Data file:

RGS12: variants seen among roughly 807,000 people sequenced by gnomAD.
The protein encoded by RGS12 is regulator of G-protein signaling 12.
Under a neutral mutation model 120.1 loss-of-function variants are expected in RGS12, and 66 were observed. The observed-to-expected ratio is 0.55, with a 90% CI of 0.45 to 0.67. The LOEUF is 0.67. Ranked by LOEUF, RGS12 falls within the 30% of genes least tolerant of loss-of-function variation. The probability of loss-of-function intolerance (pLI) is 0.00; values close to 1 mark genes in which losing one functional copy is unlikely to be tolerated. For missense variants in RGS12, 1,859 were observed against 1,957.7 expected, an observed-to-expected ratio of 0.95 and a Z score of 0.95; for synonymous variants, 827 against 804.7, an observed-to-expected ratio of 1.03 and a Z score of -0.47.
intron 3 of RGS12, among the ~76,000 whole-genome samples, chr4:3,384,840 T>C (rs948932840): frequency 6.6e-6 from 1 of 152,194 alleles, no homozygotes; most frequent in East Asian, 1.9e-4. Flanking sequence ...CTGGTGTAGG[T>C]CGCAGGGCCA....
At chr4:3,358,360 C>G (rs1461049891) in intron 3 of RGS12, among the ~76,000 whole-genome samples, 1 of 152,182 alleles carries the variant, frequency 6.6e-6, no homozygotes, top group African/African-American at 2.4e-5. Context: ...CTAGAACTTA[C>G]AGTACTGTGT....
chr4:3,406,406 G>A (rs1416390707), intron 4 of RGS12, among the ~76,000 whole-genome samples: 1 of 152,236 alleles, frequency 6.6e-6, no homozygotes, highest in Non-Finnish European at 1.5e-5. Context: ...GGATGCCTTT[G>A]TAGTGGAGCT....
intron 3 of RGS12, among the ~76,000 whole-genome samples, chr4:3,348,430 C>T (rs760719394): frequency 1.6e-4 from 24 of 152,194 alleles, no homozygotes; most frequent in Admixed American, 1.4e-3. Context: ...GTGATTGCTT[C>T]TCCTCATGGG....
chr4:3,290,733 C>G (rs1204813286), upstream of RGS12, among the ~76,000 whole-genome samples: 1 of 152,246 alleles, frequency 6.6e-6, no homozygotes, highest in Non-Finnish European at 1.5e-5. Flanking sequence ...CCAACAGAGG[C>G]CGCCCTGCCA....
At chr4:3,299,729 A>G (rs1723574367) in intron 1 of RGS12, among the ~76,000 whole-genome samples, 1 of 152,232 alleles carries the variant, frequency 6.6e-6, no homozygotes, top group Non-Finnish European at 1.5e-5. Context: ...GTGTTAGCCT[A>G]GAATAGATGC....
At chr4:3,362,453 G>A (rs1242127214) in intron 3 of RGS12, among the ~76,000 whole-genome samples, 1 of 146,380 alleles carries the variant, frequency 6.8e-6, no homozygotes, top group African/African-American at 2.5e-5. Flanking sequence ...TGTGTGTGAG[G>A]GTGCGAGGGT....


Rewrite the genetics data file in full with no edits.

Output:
RGS12: variants seen among roughly 807,000 people sequenced by gnomAD.
The protein encoded by RGS12 is regulator of G-protein signaling 12.
Under a neutral mutation model 120.1 loss-of-function variants are expected in RGS12, and 66 were observed. The observed-to-expected ratio is 0.55, with a 90% CI of 0.45 to 0.67. The LOEUF is 0.67. Ranked by LOEUF, RGS12 falls within the 30% of genes least tolerant of loss-of-function variation. The probability of loss-of-function intolerance (pLI) is 0.00; values close to 1 mark genes in which losing one functional copy is unlikely to be tolerated. For missense variants in RGS12, 1,859 were observed against 1,957.7 expected, an observed-to-expected ratio of 0.95 and a Z score of 0.95; for synonymous variants, 827 against 804.7, an observed-to-expected ratio of 1.03 and a Z score of -0.47.
intron 3 of RGS12, among the ~76,000 whole-genome samples, chr4:3,384,840 T>C (rs948932840): frequency 6.6e-6 from 1 of 152,194 alleles, no homozygotes; most frequent in East Asian, 1.9e-4. Flanking sequence ...CTGGTGTAGG[T>C]CGCAGGGCCA....
At chr4:3,358,360 C>G (rs1461049891) in intron 3 of RGS12, among the ~76,000 whole-genome samples, 1 of 152,182 alleles carries the variant, frequency 6.6e-6, no homozygotes, top group African/African-American at 2.4e-5. Context: ...CTAGAACTTA[C>G]AGTACTGTGT....
chr4:3,406,406 G>A (rs1416390707), intron 4 of RGS12, among the ~76,000 whole-genome samples: 1 of 152,236 alleles, frequency 6.6e-6, no homozygotes, highest in Non-Finnish European at 1.5e-5. Context: ...GGATGCCTTT[G>A]TAGTGGAGCT....
intron 3 of RGS12, among the ~76,000 whole-genome samples, chr4:3,348,430 C>T (rs760719394): frequency 1.6e-4 from 24 of 152,194 alleles, no homozygotes; most frequent in Admixed American, 1.4e-3. Context: ...GTGATTGCTT[C>T]TCCTCATGGG....
chr4:3,290,733 C>G (rs1204813286), upstream of RGS12, among the ~76,000 whole-genome samples: 1 of 152,246 alleles, frequency 6.6e-6, no homozygotes, highest in Non-Finnish European at 1.5e-5. Flanking sequence ...CCAACAGAGG[C>G]CGCCCTGCCA....
At chr4:3,299,729 A>G (rs1723574367) in intron 1 of RGS12, among the ~76,000 whole-genome samples, 1 of 152,232 alleles carries the variant, frequency 6.6e-6, no homozygotes, top group Non-Finnish European at 1.5e-5. Context: ...GTGTTAGCCT[A>G]GAATAGATGC....
At chr4:3,362,453 G>A (rs1242127214) in intron 3 of RGS12, among the ~76,000 whole-genome samples, 1 of 146,380 alleles carries the variant, frequency 6.8e-6, no homozygotes, top group African/African-American at 2.5e-5. Flanking sequence ...TGTGTGTGAG[G>A]GTGCGAGGGT....